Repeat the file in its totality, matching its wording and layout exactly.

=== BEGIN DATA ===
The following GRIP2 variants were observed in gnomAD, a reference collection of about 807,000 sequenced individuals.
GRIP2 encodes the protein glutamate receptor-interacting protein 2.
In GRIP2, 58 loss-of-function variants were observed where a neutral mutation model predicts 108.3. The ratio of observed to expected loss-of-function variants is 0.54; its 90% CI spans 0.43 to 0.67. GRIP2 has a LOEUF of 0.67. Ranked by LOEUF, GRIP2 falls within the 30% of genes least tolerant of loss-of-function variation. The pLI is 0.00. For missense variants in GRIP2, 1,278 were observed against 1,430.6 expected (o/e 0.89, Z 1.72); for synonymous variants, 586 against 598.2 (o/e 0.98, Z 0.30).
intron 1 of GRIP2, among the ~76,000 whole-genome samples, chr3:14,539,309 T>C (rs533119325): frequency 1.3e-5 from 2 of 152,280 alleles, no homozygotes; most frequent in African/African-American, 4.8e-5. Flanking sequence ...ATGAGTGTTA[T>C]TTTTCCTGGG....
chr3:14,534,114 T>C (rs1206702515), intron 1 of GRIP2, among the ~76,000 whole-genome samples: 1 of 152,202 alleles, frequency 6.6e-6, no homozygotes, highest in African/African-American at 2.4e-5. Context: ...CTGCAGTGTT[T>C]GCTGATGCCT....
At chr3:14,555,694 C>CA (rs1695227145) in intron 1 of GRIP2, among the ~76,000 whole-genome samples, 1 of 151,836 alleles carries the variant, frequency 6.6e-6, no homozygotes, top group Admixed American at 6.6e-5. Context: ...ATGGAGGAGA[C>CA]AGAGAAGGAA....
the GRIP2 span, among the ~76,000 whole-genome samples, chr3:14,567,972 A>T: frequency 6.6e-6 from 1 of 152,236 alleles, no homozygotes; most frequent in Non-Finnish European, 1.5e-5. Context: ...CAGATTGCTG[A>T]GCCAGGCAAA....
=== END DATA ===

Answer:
The following GRIP2 variants were observed in gnomAD, a reference collection of about 807,000 sequenced individuals.
GRIP2 encodes the protein glutamate receptor-interacting protein 2.
In GRIP2, 58 loss-of-function variants were observed where a neutral mutation model predicts 108.3. The ratio of observed to expected loss-of-function variants is 0.54; its 90% CI spans 0.43 to 0.67. GRIP2 has a LOEUF of 0.67. Ranked by LOEUF, GRIP2 falls within the 30% of genes least tolerant of loss-of-function variation. The pLI is 0.00. For missense variants in GRIP2, 1,278 were observed against 1,430.6 expected (o/e 0.89, Z 1.72); for synonymous variants, 586 against 598.2 (o/e 0.98, Z 0.30).
intron 1 of GRIP2, among the ~76,000 whole-genome samples, chr3:14,539,309 T>C (rs533119325): frequency 1.3e-5 from 2 of 152,280 alleles, no homozygotes; most frequent in African/African-American, 4.8e-5. Flanking sequence ...ATGAGTGTTA[T>C]TTTTCCTGGG....
chr3:14,534,114 T>C (rs1206702515), intron 1 of GRIP2, among the ~76,000 whole-genome samples: 1 of 152,202 alleles, frequency 6.6e-6, no homozygotes, highest in African/African-American at 2.4e-5. Context: ...CTGCAGTGTT[T>C]GCTGATGCCT....
At chr3:14,555,694 C>CA (rs1695227145) in intron 1 of GRIP2, among the ~76,000 whole-genome samples, 1 of 151,836 alleles carries the variant, frequency 6.6e-6, no homozygotes, top group Admixed American at 6.6e-5. Context: ...ATGGAGGAGA[C>CA]AGAGAAGGAA....
the GRIP2 span, among the ~76,000 whole-genome samples, chr3:14,567,972 A>T: frequency 6.6e-6 from 1 of 152,236 alleles, no homozygotes; most frequent in Non-Finnish European, 1.5e-5. Context: ...CAGATTGCTG[A>T]GCCAGGCAAA....